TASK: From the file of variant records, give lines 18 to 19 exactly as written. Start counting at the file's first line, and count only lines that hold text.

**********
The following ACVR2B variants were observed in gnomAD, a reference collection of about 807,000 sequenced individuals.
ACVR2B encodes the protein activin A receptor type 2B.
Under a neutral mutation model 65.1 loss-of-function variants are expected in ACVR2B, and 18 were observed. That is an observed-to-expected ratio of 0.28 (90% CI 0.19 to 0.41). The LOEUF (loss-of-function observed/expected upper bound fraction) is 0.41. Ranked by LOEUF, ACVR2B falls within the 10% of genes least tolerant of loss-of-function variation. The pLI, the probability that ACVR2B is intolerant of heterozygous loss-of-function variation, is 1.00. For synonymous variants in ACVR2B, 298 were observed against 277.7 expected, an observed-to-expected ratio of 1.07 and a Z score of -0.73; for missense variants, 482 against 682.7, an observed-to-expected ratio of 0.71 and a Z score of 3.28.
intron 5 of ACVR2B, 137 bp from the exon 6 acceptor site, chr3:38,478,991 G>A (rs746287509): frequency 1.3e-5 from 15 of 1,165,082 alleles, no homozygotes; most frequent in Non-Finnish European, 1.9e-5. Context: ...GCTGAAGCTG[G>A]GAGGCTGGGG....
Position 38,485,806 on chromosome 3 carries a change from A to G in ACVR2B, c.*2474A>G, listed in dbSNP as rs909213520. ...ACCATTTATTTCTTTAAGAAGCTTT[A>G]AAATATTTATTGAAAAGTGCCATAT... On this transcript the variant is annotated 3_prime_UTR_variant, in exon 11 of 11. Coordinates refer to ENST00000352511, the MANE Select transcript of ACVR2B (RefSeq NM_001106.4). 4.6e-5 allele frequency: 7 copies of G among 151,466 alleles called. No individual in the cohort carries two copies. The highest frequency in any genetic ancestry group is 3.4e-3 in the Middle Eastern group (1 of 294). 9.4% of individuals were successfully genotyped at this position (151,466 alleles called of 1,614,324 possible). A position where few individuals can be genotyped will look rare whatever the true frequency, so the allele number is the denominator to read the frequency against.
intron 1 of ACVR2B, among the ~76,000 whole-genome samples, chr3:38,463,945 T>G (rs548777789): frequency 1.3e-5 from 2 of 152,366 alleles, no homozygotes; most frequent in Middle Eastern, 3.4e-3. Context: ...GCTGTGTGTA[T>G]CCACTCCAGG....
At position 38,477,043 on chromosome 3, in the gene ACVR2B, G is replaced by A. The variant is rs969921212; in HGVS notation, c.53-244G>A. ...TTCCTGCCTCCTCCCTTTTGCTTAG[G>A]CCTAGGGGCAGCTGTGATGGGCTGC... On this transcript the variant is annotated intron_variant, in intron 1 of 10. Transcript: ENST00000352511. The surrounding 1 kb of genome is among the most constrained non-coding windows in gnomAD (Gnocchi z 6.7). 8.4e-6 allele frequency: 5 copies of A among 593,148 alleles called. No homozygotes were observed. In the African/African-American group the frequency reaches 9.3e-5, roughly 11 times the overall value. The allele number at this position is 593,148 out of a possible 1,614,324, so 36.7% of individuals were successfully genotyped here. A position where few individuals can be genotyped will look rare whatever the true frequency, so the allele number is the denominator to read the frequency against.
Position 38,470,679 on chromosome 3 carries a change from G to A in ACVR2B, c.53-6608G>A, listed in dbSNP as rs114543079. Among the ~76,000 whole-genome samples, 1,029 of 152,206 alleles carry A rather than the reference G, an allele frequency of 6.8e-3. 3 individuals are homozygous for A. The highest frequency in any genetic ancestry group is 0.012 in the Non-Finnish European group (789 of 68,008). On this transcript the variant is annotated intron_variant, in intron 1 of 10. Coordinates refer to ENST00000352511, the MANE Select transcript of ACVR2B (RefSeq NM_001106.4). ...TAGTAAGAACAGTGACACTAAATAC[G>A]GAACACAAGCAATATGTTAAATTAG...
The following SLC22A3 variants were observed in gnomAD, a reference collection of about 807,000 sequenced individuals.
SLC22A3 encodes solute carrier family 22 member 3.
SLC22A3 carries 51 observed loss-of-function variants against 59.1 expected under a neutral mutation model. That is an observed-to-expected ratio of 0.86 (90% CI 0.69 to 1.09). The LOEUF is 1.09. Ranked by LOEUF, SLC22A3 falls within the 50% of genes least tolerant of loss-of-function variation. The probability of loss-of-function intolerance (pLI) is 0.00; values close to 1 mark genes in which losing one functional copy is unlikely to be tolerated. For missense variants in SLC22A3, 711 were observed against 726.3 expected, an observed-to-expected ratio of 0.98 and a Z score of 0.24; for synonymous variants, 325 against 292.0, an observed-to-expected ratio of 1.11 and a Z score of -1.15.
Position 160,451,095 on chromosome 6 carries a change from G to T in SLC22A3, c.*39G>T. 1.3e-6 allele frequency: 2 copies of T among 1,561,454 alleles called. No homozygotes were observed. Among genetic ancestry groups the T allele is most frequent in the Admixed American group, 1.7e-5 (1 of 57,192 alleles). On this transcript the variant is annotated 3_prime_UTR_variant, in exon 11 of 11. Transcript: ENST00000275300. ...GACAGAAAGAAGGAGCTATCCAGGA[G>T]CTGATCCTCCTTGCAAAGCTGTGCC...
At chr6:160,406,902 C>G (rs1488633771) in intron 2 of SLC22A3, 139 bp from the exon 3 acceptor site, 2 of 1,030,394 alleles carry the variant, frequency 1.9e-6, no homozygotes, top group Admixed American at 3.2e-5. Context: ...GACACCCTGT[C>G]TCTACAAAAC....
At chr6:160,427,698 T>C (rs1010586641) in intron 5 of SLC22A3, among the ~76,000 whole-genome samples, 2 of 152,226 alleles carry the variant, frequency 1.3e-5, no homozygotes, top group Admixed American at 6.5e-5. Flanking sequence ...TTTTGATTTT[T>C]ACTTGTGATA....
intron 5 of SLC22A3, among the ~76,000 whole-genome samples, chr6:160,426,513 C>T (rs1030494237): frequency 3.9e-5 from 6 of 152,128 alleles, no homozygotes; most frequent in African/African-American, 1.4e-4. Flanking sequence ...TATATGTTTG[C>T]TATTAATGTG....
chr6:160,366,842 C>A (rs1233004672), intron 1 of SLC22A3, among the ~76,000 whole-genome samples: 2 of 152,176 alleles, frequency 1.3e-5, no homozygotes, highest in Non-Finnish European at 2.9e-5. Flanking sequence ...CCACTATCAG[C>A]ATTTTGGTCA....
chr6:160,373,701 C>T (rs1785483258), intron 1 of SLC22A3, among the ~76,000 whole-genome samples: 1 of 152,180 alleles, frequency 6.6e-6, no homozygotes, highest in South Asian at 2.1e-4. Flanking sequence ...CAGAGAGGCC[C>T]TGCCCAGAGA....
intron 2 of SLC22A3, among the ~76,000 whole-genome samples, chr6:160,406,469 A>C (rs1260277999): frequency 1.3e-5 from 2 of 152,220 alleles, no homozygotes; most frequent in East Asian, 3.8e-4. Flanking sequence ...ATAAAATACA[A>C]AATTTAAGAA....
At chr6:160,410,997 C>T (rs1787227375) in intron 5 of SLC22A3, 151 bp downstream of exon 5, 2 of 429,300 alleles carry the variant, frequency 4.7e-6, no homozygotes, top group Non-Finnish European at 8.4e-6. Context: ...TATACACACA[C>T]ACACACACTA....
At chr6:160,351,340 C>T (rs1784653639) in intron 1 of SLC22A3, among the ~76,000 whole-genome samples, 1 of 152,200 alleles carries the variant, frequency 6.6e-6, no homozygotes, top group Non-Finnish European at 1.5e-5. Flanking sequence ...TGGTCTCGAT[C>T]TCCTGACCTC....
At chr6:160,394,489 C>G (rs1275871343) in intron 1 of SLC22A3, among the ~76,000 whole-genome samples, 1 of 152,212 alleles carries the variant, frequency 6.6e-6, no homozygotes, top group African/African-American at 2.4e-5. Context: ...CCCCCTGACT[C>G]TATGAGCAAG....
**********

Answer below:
intron 2 of SLC22A3, among the ~76,000 whole-genome samples, chr6:160,406,469 A>C (rs1260277999): frequency 1.3e-5 from 2 of 152,220 alleles, no homozygotes; most frequent in East Asian, 3.8e-4. Flanking sequence ...ATAAAATACA[A>C]AATTTAAGAA....
At chr6:160,410,997 C>T (rs1787227375) in intron 5 of SLC22A3, 151 bp downstream of exon 5, 2 of 429,300 alleles carry the variant, frequency 4.7e-6, no homozygotes, top group Non-Finnish European at 8.4e-6. Context: ...TATACACACA[C>T]ACACACACTA....